TITLE: VALENTINE CANDY COUNT
AUTHOR: Judy Dale; Bosque Farms Elementary,
Bosque Farms, N.M.
GRADE LEVEL/SUBJECT: Appropriate for grades l - 4.
OVERVIEW: Developing, reading, and interpreting graphs is a
vital skill in today's society. It is a skill required in a
variety of areas, specifically in science and math.
PURPOSE: This activity provides a fun and exciting method
through which children can explore and internalize graphing
skills. Specifically, the students will discover what color
Valentine Candy is found more often than any other in a
standard bag of "Valentine Conversation Hearts." The lesson
takes approximately sixty minutes and is most effectively
used in connection with Valentine's Day.
OBJECTIVE(s): Through this activity the students will:
1. observe, predict, sort, and classify
2. develop graphing skills such as counting and
equations
3. gather and record data
4. interpret data
5. apply and generalize data
RESOURCES/MATERIALS:
-12 oz. bag of small "Valentine Conversation Hearts"
-clear glass or plastic decanter (large enough to hold
all of the hearts)
-styrofoam cups (1 cup for every 4-6 students)
-pencils
-crayons (l crayon for each color of Valentine Candy)
-prediction graph
-final result graph
-Valentine name tags (with student's names written on
them)
-sorting/classifying sheets
-student recording sheet (1 for each group of 4-6
students)
-glue stick for attaching the initial predictions to
the prediction graph
ACTIVITIES AND PROCEDURES:
1. The teacher brings to class a glass or plastic decanter
full of a 12 oz. bag of small "Valentine Conversation
Hearts."
2. Students predict which color candy they think will be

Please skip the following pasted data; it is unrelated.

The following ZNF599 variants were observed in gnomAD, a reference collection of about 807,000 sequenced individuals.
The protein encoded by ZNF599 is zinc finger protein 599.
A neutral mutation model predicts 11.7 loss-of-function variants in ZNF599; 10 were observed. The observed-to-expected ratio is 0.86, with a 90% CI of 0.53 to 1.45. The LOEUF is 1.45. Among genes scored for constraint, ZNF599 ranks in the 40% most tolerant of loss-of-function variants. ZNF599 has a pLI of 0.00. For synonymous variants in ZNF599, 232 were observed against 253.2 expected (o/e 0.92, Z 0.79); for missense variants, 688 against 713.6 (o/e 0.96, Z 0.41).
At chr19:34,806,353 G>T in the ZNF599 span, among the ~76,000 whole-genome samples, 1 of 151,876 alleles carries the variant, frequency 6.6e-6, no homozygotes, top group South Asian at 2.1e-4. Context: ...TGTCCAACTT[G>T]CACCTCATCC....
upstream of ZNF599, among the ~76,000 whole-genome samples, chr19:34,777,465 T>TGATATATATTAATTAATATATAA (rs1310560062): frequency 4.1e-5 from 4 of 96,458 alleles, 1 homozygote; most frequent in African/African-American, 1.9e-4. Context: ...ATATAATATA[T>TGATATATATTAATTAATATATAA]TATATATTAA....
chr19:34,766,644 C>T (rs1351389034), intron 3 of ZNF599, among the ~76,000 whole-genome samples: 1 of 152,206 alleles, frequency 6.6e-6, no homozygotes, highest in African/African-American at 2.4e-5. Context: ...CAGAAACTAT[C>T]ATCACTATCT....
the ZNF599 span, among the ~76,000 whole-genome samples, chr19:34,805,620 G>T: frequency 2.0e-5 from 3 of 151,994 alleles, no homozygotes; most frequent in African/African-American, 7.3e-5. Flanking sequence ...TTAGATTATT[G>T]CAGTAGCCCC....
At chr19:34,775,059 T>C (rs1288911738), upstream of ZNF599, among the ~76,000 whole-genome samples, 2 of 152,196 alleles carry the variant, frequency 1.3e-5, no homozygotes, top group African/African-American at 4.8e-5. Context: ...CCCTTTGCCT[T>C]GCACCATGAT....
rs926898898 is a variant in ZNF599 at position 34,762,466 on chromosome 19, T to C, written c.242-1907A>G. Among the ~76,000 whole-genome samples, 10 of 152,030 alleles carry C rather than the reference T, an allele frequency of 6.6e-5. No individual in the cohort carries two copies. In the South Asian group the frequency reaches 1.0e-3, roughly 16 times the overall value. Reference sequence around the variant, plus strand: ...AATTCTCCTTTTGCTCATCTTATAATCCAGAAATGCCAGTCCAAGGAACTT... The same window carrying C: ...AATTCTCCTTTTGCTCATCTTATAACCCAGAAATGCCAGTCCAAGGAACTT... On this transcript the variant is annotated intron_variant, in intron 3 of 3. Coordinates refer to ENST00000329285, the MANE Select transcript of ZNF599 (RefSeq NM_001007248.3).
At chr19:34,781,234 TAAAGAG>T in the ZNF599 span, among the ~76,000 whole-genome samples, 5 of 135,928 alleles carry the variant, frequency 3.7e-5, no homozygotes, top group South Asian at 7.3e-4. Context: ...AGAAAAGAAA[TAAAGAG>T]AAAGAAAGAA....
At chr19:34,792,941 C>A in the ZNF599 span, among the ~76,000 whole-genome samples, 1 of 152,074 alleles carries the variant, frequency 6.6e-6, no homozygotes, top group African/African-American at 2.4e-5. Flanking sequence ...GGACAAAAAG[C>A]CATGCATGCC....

found most frequently by placing their name Valentines on
the appropriate color valentine on the prediction graph.
(total class)
3. Students then sort and classify a cup-full of Valentine
Heart Candy according to color on their sorting/classifying
sheets. (small groups)
4. Next, the students record their color counts on the
student recording sheet. (one member of the group records
the counts while the rest of the group counts)
5. Students finally graph their results on the final
results graph.(graph one color at a time - one student from
each group graphs one color - all students will have a turn
to graph a color)
Discussion:
a. How many (color) Valentine Hearts did we find?
How many .....?
b. What color did we find more of than any other?
c. Did the prediction that you made turn out to be true?
d. What if we bought a new bag of candy - would we find
the same number of each color of candy? Why? Why
not?
TYING IT ALL TOGETHER:
1. Distribute the "candy hearts" for eating!
2. Have the children figure out number sentences about the
graph. Post their ideas on a chart near the graph.
3. Challenge the children to think of questions to ask
"you" about the graph they have just created. Many will
find it is much more difficult to "ask" a question than it
is to answer one!
4. Display the prediction graph and the final graph for the
school to see...it will draw a lot of interest from adults
as well as other students.
5. Encourage all students to share the results of this
activity with their parents/guardians.
6. An extension activity for another lesson might be to
have the students work in teams to recreate a graph
pertaining to weather, favorite colors, types of pets, etc.
the possibilities are endless!